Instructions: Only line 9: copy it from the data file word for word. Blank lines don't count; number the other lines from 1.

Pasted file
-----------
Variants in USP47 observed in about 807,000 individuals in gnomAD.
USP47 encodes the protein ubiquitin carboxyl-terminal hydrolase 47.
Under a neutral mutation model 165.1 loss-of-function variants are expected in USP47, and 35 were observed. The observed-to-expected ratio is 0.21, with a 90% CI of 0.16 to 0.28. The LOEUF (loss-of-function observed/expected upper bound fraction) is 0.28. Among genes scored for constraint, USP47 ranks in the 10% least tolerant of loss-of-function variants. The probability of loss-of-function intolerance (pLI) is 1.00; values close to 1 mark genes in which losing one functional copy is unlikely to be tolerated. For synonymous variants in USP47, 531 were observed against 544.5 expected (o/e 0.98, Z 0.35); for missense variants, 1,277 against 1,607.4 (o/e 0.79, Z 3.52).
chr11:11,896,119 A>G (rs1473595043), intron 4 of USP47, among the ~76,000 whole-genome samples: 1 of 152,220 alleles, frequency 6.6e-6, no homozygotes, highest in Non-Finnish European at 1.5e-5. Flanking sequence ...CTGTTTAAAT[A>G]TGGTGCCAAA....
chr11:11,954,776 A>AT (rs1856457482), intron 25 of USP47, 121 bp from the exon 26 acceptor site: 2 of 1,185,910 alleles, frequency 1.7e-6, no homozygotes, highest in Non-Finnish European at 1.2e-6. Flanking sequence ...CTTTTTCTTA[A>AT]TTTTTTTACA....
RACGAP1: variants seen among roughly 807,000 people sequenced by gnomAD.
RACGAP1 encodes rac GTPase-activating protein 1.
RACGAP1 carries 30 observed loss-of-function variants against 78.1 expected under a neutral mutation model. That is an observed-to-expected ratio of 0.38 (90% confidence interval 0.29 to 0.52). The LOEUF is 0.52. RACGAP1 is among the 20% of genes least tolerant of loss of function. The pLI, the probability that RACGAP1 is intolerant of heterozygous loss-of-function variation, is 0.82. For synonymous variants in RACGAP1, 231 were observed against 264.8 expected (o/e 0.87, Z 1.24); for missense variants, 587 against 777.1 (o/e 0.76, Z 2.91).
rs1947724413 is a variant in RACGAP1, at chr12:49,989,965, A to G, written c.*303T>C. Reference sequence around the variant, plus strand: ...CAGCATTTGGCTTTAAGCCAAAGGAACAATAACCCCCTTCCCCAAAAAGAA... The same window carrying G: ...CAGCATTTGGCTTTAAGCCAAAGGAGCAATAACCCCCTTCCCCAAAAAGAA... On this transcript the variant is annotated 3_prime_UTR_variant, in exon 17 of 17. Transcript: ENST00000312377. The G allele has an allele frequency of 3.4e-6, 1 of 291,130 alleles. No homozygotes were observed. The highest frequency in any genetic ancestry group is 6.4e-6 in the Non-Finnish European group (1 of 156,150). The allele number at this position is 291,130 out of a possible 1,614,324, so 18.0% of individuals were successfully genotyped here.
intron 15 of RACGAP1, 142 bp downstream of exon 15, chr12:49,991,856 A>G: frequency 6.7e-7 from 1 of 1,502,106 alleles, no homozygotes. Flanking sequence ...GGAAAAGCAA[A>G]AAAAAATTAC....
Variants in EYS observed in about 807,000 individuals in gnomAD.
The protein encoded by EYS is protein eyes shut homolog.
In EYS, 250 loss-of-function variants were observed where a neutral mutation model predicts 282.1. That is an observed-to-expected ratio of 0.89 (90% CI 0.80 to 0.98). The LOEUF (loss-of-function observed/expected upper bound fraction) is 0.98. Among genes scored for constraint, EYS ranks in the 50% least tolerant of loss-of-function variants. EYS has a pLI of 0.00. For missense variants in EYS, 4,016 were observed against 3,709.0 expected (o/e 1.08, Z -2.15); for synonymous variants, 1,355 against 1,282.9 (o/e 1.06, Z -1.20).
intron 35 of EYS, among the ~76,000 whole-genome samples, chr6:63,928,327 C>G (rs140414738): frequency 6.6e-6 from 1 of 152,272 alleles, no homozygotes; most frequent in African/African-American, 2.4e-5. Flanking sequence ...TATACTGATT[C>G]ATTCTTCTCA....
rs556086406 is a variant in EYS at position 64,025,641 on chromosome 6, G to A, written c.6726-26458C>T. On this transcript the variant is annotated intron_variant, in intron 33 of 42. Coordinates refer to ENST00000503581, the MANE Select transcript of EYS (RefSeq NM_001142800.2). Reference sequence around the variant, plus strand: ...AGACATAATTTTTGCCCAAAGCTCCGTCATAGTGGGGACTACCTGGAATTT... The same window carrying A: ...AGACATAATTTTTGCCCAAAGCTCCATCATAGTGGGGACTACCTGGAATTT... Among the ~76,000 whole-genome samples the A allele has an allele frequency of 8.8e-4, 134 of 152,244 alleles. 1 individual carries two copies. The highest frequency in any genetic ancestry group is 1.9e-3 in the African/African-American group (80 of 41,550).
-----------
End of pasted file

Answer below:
rs1947724413 is a variant in RACGAP1, at chr12:49,989,965, A to G, written c.*303T>C. Reference sequence around the variant, plus strand: ...CAGCATTTGGCTTTAAGCCAAAGGAACAATAACCCCCTTCCCCAAAAAGAA... The same window carrying G: ...CAGCATTTGGCTTTAAGCCAAAGGAGCAATAACCCCCTTCCCCAAAAAGAA... On this transcript the variant is annotated 3_prime_UTR_variant, in exon 17 of 17. Transcript: ENST00000312377. The G allele has an allele frequency of 3.4e-6, 1 of 291,130 alleles. No homozygotes were observed. The highest frequency in any genetic ancestry group is 6.4e-6 in the Non-Finnish European group (1 of 156,150). The allele number at this position is 291,130 out of a possible 1,614,324, so 18.0% of individuals were successfully genotyped here.